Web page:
GIRLS: A Hate Theory by Elloise Foster

Another episode of HBO’s GIRLS and another stream of vitriolic online hate. Who would guess a half-hour, non-violent, relatively benign program could garner such spiteful feedback.

Maybe what’s making us squirm so much is that GIRLS is a little too realistic in its portrayal of Generation Y.

Yep, this just got personal.

The interesting thing about GIRLS haters is that they’re very non-specific in their ALL CAPS RAGE.

Take lead actress and series creator Lena Dunham’s frequent nudity – no one is able to quite say why this bothers them.

A lot of noncommittal noise is made about it being gratuitous or distracting, primarily because saying she’s not conventionally sexy is not very politically correct.

Considerably less people tweet their anger when Game of Throne’s Khaleesi (Emilia Clarke) frequently appears nude, but her body is generally considered a divine gift to mankind.

Isn’t it strange that a vision of normality like Lena Dunham is crucified, while unattainable and unrealistic perfection like Emilia Clarke’s goes without remark?

Similarly, the relationships portrayed in GIRLS are far from fairy tale perfect. Hannah’s occasional lover Adam is cringe worthy in his callous regard of Hannah’s feelings and body.

What is more cringe worthy however is Hannah’s willingness to accept this treatment. She doesn’t feel that she deserves better.

GIRLS does not rely on the archetypal males of other prime time shows (they are not lazy, sleazy or beer loving) or if they are, it is only a minor facet of their character.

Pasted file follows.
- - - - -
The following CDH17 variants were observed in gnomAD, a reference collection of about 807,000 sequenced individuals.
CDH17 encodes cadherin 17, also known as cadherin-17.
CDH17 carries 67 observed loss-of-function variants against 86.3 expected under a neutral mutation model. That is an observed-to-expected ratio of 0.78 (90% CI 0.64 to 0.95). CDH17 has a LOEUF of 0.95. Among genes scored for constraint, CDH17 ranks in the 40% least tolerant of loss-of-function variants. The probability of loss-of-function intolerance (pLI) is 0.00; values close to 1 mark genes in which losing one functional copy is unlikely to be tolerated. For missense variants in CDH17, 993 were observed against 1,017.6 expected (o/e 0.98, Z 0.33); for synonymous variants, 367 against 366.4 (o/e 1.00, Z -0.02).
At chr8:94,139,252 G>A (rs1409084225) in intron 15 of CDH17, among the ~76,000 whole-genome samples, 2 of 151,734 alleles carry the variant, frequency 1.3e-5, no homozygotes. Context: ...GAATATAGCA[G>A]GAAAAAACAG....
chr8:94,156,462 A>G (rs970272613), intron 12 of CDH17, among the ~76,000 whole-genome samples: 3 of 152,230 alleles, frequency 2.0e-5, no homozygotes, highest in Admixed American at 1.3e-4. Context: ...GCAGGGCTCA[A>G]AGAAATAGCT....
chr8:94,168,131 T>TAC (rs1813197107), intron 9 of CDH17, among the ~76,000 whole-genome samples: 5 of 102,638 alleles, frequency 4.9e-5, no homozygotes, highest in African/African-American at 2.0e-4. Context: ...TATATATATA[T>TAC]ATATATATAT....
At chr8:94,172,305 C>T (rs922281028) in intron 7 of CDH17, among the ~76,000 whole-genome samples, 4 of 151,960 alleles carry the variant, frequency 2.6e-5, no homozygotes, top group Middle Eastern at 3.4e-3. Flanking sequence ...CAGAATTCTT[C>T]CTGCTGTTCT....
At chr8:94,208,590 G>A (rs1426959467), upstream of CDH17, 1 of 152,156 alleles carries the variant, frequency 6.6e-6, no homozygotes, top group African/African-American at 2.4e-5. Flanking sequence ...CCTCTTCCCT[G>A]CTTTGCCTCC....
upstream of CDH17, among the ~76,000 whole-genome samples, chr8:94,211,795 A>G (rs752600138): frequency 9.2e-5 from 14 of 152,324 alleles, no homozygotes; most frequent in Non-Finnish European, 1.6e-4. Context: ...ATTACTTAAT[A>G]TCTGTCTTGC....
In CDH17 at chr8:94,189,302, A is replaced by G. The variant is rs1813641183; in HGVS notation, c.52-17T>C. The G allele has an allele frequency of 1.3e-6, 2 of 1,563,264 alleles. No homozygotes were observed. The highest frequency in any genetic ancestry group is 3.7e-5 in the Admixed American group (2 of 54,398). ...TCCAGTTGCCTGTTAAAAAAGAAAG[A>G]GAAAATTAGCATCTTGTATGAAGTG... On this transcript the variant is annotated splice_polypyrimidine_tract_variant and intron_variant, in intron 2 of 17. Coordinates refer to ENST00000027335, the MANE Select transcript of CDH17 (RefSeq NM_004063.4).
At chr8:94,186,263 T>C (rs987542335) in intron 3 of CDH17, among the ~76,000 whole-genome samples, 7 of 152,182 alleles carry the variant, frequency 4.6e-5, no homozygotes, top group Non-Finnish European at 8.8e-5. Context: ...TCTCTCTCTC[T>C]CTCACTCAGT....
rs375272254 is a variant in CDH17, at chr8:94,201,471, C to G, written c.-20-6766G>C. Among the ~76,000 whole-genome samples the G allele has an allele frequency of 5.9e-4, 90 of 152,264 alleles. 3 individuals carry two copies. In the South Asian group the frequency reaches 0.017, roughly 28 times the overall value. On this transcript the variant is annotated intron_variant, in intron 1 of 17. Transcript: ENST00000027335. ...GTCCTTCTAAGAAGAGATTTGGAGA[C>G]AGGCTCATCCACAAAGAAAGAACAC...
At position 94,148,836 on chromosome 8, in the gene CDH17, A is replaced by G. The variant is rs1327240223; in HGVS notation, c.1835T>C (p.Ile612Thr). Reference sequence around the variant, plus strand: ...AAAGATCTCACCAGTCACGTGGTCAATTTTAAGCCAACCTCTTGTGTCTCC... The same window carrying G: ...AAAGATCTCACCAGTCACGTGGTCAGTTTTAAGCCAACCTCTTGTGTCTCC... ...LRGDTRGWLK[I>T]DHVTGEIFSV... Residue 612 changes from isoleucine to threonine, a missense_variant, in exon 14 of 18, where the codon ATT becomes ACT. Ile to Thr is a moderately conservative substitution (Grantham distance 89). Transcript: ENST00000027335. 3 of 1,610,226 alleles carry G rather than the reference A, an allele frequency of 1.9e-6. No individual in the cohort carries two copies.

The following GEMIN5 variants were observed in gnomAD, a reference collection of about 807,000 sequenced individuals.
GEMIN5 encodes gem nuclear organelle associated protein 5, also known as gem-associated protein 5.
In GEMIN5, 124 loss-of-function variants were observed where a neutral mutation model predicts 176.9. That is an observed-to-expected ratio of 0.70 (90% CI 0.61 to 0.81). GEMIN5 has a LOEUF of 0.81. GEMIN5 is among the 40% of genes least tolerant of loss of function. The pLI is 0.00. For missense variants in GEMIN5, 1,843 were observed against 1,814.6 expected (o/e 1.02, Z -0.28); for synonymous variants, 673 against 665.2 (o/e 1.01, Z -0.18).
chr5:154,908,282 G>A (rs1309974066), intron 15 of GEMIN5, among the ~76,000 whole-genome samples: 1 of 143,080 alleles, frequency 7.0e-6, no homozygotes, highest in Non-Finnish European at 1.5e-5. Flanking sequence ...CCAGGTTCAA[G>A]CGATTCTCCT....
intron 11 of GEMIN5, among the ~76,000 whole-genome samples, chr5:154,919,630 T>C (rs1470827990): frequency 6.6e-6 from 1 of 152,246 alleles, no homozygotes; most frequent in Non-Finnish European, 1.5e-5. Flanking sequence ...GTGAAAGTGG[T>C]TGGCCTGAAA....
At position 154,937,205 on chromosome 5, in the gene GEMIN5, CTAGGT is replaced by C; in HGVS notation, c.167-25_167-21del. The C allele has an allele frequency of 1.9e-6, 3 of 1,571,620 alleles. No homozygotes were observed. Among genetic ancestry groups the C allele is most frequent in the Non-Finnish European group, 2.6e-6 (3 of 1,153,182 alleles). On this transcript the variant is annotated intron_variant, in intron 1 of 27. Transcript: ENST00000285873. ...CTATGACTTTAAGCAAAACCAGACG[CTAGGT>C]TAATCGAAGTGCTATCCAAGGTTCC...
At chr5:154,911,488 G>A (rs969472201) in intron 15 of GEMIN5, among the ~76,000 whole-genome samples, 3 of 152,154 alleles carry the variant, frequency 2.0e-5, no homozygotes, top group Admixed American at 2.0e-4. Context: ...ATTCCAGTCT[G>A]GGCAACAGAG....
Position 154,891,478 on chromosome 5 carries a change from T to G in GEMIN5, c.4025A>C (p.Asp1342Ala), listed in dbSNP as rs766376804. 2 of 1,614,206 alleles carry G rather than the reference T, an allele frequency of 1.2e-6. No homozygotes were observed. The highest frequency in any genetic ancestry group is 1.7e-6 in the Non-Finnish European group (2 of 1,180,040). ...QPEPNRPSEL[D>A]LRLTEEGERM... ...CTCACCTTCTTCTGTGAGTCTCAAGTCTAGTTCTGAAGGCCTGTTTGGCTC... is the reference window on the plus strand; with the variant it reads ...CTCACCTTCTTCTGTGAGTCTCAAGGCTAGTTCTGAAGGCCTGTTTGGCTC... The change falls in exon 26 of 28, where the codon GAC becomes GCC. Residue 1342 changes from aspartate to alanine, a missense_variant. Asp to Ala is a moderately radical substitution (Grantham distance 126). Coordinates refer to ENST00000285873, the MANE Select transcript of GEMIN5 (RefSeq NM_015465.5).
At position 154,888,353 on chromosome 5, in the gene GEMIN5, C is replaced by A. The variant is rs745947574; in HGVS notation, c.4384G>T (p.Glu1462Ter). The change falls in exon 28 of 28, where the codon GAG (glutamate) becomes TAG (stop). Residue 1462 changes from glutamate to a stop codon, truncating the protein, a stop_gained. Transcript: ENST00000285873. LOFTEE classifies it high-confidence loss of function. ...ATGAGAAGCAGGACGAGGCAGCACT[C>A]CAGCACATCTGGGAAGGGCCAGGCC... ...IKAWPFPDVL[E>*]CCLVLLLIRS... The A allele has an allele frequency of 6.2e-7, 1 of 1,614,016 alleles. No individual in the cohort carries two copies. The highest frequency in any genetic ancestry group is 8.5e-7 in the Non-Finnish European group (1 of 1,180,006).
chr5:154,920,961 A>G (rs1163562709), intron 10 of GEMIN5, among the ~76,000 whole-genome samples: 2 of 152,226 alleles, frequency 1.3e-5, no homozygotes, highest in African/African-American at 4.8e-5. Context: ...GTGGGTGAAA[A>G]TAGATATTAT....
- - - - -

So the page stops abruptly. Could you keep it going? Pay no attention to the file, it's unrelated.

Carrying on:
The male characters are surprisingly vulnerable and needy (take Marnie and Charlie’s relationship).

They also do not play the villain to the heroine’s independence (Adam suddenly becomes adoring, when he feels safe in Hannah’s mutual affection) but are willing to reciprocate and desire a sensible and realistic relationship.

In fact, Hannah actually hurts Adam with her aloofness, turning the tables on gender stereotypes in relationships.

The notion that men can be vulnerable in relationships, and women can injure men emotionally, is ground regularly covered in GIRLS which other shows fail to address.

Unfortunately, GIRLS is sometimes a bit too real, which appears to be what’s making everyone squirm.

From Lena Dunham’s average physique to the disrespect she allows from Adam, Shoshanna’s sexual frustration and Marnie’s dead end career, Dunham’s show is scarily similar to the real lives of young women.

The target demographic – Generation Y females – were raised watching ‘90’s television heroines like Buffy, Xena and Carrie Bradshaw. Relationships were seen as weaknesses, side plots or avenues for our protagonist to assert her sexual dominance.

Hannah’s latest confession (the desire for a safe relationship) speaks to tired feminists a bitter truth – not all women are superheroes.

Despite the empowerment women have experienced since feminism’s inception, bad sex, low self-esteem, stagnating careers and less-than-perfect bodies are still daily issues.

That’s why there are so many outright lovers or haters of GIRLS, because it depends on whether or not you’re aware of (or satisfied with) your own reality.

At the end of the GIRLS pilot, Hannah announces to her parents, “I think I can be the voice of my generation.

This might well be true, but it seems most of us aren’t ready for it.

Elloise Foster

culture

 

Image © 2012 HBO

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